Pence Tries to Calm Outrage as Trump Courts Controversy

The Republican nominee and his running mate show off very different styles on the campaign trail.

Trump Surrogates Have Their Work Cut Out for Them

As the controversy over Donald Trump’s critical comments about the family of fallen U.S. solider Captain Humayun Khan crescendoed over the weekend, there was one voice inside the campaign that tried to tamp it down: Mike Pence.

Pence, the Indiana governor who is still adjusting to his new role as Trump’s running mate, issued a statement in his own name that diverged from the Republican presidential nominee, saying the nation should honor Khan and his family. How those dueling interpretations came about provides a window into the two men’s competing communications styles, and into Pence’s intent to maintain his longtime opposition to negative campaigning.

Republican presidential nominee Donald Trump and running mate Mike Pence shake hands on July 21, 2016, in Cleveland.
Republican presidential nominee Donald Trump and running mate Mike Pence shake hands on July 21, 2016, in Cleveland.
Photographer: BRENDAN SMIALOWSKI/AFP/Getty Images

Pence’s senior aides began fielding calls about Trump’s comments on the Khan family immediately after ABC News first posted excerpts of its interview with the candidate Saturday evening, according to two of the governor’s advisers. 

In that interview, Trump fired back at Khizr Khan, the fallen soldier’s father, for his assertion at the Democratic National Convention that the billionaire had “sacrificed nothing” for his country. 

“I think I've made a lot of sacrifices,” Trump said. “I work very, very hard.”

Trump then criticized Captain Khan's mother, Ghazala Khan, who appeared on stage at the convention but did not speak. 

“If you look at his wife, she was standing there. She had nothing to say. She probably—maybe she wasn't allowed to have anything to say. You tell me,” Trump said. 

Initially, Pence, 57, had wanted to wait and address the issue at a public forum, the two advisers said. But by Sunday morning, Trump’s ABC News interview had become the latest full-blown controversy for the unconventional candidate, and was dominating social media.

Pence’s inner circle was becoming increasingly worried that a non-response from Pence would fuel a narrative that Trump, 70, was trying to squash and quiet the governor, his advisers said. 

Pence then crafted a statement, and his staffers reached out to Trump campaign chairman Paul Manafort, according to the senior advisers.

The Trump campaign didn’t change one word of the statement, Pence advisers and the Trump campaign confirmed.

“Donald Trump and I believe that Captain Humayun Khan is an American hero and his family, like all Gold Star families, should be cherished by every American,” Pence said in his statement.

“Captain Khan gave his life to defend our country in the global war on terror. Due to the disastrous decisions of Barack Obama and Hillary Clinton, a once stable Middle East has now been overrun by ISIS. This must not stand.”

In an interview Tuesday with WJLA television, however, Trump was asked if he regretted criticizing the Khan family. 

“I don't regret anything,” he responded. 

The episode was a graphic illustration of just how different Trump and Pence are in terms of political rhetoric. And it highlights the political tightrope Pence will have to walk in the 97 days remaining until Election Day.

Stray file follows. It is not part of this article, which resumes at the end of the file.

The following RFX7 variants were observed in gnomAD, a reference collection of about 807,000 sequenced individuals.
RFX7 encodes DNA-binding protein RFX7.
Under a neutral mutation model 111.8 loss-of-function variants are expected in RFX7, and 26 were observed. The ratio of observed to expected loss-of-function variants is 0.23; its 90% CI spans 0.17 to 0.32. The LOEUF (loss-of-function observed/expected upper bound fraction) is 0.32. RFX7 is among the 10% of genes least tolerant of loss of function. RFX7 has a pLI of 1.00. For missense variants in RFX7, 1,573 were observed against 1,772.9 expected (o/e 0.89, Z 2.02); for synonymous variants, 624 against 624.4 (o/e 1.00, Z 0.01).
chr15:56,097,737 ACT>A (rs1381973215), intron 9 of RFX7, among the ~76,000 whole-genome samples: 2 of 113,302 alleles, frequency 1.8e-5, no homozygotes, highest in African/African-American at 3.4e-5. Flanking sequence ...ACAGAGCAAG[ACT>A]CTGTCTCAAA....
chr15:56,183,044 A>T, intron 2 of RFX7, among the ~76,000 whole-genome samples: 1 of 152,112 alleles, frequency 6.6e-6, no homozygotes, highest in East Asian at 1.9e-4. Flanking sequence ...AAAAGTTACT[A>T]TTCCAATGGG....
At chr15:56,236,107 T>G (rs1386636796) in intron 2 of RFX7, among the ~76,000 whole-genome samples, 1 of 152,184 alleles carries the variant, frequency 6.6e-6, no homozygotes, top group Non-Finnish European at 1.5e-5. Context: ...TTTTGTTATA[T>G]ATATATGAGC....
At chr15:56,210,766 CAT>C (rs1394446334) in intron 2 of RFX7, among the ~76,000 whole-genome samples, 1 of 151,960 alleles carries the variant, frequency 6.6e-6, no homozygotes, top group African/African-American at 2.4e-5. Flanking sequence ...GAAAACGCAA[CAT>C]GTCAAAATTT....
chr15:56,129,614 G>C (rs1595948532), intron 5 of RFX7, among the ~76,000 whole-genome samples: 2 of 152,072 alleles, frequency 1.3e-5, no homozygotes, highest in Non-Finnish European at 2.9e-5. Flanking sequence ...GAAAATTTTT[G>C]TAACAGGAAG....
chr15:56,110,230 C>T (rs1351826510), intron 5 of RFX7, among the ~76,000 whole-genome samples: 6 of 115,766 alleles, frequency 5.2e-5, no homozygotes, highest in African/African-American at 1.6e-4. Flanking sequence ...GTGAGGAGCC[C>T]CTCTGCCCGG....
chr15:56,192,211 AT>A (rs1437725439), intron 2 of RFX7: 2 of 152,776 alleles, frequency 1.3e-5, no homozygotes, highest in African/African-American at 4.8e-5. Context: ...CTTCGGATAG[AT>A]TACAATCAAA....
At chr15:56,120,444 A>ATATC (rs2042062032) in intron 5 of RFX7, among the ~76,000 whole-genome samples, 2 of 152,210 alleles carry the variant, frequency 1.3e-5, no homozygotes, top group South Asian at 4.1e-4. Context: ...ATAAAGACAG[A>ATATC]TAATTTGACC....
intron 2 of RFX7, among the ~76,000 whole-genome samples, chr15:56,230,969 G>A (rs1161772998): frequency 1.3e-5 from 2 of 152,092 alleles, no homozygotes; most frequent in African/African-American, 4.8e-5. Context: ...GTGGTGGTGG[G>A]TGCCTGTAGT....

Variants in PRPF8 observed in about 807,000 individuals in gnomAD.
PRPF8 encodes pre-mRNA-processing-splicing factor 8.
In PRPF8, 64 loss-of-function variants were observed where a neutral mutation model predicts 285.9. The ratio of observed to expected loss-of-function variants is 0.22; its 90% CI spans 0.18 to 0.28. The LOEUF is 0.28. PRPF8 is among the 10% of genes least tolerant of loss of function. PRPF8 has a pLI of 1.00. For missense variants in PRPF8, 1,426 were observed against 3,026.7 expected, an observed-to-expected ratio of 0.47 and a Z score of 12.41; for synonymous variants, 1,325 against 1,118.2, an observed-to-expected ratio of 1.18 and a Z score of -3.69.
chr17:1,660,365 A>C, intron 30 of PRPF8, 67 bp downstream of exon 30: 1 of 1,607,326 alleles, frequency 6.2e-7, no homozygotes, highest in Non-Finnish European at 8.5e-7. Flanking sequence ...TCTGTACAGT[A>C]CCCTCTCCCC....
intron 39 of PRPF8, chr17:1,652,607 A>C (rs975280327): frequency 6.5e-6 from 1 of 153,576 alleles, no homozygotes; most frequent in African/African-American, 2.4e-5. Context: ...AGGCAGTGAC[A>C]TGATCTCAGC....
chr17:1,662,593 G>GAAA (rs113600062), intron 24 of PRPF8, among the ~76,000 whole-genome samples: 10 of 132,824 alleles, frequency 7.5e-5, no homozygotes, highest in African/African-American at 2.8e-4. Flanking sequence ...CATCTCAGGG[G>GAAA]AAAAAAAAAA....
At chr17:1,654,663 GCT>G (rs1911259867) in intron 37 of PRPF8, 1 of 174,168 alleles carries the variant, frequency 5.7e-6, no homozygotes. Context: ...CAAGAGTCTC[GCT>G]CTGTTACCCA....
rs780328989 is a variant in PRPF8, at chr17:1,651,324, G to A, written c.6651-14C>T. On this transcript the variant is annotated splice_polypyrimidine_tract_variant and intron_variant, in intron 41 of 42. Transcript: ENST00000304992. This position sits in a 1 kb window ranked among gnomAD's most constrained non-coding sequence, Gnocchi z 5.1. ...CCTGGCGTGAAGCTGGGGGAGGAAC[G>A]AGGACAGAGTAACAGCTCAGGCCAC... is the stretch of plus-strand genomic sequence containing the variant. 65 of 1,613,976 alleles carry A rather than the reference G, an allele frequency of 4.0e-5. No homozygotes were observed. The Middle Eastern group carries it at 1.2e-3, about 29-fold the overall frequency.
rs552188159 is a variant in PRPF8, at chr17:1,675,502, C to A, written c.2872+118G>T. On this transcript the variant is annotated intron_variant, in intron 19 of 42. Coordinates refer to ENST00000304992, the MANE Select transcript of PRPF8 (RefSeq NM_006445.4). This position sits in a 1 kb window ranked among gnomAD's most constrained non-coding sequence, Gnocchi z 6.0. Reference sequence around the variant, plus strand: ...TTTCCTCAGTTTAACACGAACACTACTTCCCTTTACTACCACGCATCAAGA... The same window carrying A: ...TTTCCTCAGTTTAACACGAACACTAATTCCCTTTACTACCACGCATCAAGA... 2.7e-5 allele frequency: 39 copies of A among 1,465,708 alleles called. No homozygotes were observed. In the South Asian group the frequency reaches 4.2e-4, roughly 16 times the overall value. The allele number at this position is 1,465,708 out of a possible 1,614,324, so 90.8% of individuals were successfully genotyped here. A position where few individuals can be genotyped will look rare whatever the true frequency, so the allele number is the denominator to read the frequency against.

Pence is spending the week campaigning and fundraising, and made two stops on Tuesday in Arizona, where he met with Senator John McCain, the Arizona Republican and former prisoner of war who released a sharply worded rebuke Monday of Trump’s statements against the Khan family.  

“I cannot emphasize enough how deeply I disagree with Mr. Trump's statement. I hope Americans understand that the remarks do not represent the views of our Republican Party, its officers, or candidates,” McCain said in a statement.

On Tuesday, Trump appeared to take some measure of revenge on House Speaker Paul Ryan, who issued his own statement supporting the Khan family, as well as McCain, by refusing to endorse each in their respective Republican primaries. 

“I’ve never been there with John McCain because I’ve always felt that he should have done a much better job for the vets,” Trump told the Washington Post. “He has not done a good job for the vets and I’ve always felt that he should have done a much better job for the vets. So I’ve always had a difficult time with John for that reason, because our vets are not being treated properly. They’re not being treated fairly.”

Pence has fielded several calls from top Republican donors and political figures in recent days, easing their concerns about Trump’s comments in the aftermath of Khan’s speech.

“Mike’s tone and tenure is different than Mr. Trump, but that's also part of the reason he's on the ticket,” said Bob Grand, a prominent Indiana Republican donor and Pence confidant. “The Trump campaign has given Pence a lot of latitude.”

Grand said Pence has vouched frequently to donors and prominent Republicans about “the real Donald Trump.”

“If you’re a Republican and understand the issues, and those issues are important for you—then I think you ought to be on board,” Grand said.

Aides say that Trump and Pence talk multiple times daily. Trump phoned his running mate after Pence took a question from a military mom in Carson City, Nevada, to praise his handling of the tense situation, according to the aides. “Time and time again, Trump has disrespected our nation's armed forces and veterans. ... How do you handle this disrespect?” the woman asked.

The crowd booed the woman before Pence quieted them. “That's what freedom looks like and that's what freedom sounds like,” Pence told them, pointing to the woman.

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